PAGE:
* Group of preferred shareholders now onboard
* Stake in reorganized company upped to 75 pct from 70 pct
By Tom Hals
WILMINGTON, Del., Feb 16 (Reuters) - Washington Mutual Inc reached an agreement on Thursday that gave it the needed approval of creditors to end its bankruptcy three years after its namesake bank was seized by regulators.
A group of preferred shareholders agreed to change their votes and they now support the company’s reorganization plan, according to Brian Rosen of Weil, Gotshal & Manges LLP, which represents the company.
Rosen was speaking at a bankruptcy court hearing to approve the company’s reorganization plan, which will pay about $7 billion to its creditors.
Thursday’s hearing was delayed for several hours as attorneys negotiated outside the courtroom to win over a small group of preferred shareholders.
Earlier in the week, court papers showed that about 62 percent of preferred shareholders voted to approve the company’s reorganization plan. Without the required 2/3 majority, no lower priority claim could be paid until the preferred shareholders were paid in full.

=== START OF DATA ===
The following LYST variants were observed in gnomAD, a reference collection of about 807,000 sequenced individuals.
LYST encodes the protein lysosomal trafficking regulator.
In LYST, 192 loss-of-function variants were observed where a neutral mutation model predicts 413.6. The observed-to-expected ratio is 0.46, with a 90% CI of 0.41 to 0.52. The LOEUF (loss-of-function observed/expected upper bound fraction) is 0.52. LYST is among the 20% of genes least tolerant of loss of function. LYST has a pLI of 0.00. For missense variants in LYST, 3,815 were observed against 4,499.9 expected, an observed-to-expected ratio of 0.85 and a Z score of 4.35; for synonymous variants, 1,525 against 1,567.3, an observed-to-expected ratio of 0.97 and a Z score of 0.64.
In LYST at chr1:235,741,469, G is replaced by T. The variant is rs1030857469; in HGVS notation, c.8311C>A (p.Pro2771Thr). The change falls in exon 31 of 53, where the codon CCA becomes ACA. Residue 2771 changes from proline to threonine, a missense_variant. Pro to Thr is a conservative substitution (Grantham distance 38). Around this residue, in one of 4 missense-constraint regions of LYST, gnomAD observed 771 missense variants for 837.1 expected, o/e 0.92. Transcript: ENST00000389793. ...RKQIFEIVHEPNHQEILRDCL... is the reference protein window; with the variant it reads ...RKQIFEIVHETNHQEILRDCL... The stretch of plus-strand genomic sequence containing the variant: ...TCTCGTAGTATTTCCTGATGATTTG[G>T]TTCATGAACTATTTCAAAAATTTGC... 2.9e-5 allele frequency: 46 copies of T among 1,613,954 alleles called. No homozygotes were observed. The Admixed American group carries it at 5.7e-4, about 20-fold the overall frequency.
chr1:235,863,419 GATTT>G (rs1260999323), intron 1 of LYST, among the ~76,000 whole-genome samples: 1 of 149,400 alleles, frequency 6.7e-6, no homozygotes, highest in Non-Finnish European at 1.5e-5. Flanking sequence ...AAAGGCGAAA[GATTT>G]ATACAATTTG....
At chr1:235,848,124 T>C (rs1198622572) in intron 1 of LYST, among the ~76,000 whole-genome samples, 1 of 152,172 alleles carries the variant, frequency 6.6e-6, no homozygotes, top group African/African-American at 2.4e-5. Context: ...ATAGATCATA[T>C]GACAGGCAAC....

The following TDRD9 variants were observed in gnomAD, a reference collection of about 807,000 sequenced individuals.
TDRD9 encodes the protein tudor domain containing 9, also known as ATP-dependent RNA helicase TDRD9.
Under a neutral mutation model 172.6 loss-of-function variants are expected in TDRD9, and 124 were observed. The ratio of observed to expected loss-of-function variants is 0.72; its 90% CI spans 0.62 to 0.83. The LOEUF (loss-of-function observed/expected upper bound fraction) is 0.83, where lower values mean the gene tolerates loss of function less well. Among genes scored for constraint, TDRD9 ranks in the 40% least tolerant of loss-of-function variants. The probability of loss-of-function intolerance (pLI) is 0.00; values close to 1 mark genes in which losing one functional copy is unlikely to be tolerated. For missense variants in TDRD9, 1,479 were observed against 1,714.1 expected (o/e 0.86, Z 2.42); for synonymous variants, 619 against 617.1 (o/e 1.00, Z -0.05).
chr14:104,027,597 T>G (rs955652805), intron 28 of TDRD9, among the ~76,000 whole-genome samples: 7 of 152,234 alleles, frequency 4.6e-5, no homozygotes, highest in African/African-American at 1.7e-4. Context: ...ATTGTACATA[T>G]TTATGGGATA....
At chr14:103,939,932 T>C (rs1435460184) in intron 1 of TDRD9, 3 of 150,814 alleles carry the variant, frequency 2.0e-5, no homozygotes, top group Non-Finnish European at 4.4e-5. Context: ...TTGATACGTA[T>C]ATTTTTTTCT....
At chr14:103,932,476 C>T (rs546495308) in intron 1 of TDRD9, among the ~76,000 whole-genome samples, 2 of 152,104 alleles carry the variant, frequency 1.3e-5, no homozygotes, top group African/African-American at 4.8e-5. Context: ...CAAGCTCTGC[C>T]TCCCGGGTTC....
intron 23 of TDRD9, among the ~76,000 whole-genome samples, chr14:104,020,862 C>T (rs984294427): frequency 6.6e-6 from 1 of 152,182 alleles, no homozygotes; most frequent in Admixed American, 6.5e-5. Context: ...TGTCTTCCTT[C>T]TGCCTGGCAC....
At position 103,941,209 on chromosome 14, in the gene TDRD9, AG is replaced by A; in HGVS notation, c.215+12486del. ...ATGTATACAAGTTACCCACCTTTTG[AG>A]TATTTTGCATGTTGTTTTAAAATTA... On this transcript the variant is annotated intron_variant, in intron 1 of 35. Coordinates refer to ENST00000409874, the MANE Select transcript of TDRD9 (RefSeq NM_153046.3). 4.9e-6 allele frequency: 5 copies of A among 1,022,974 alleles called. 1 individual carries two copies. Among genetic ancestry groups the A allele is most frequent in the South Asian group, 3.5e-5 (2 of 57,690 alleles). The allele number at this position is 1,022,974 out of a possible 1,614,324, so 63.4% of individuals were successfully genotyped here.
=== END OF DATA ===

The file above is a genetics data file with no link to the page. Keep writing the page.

That meant common shareholders might get nothing, despite agreeing in December to settle their hard-fought objections in return for a stake in the reorganized company.
To win over enough preferred shareholders, Washington Mutual increased their stake in the reorganized company that will emerge from bankruptcy to 75 percent from 70 percent, according to court documents. The remaining part of the reorganized company, which operates a mortgage reinsurance business, will be owned by common shareholders.
The preferred shareholders who changed their votes will also receive a general unsecured claim of $619,000 and they will be allowed to receive up to $18 million from settlement funds previously offered by JPMorgan Chase & Co.
The preferred shareholders may also seek reimbursement for their expenses up to $15 million, Rosen told the court.
Washington Mutual’s lending business was seized by regulators at the height of the 2008 financial panic in the biggest bank failure in U.S. history.
The bank was immediately sold by the Federal Deposit Insurance Corp to JPMorgan Chase & Co for $1.88 billion. Washington Mutual filed for bankruptcy the next day, and legal battles quickly followed over who owned which assets.
Thursday’s confirmation hearing, which was still underway during the afternoon, is the company’s third.
Judge Mary Walrath rejected the company’s two previous plans, in part because of her concerns that a group of hedge funds had used their role negotiating the bankruptcy plan to use nonpublic information in trading Washington Mutual securities.
The company’s common stock was down about 5 percent at 4.1 cents in pink sheet trading.
The case is In re Washington Mutual, U.S. Bankruptcy Court, District of Delaware, No. 08-12229.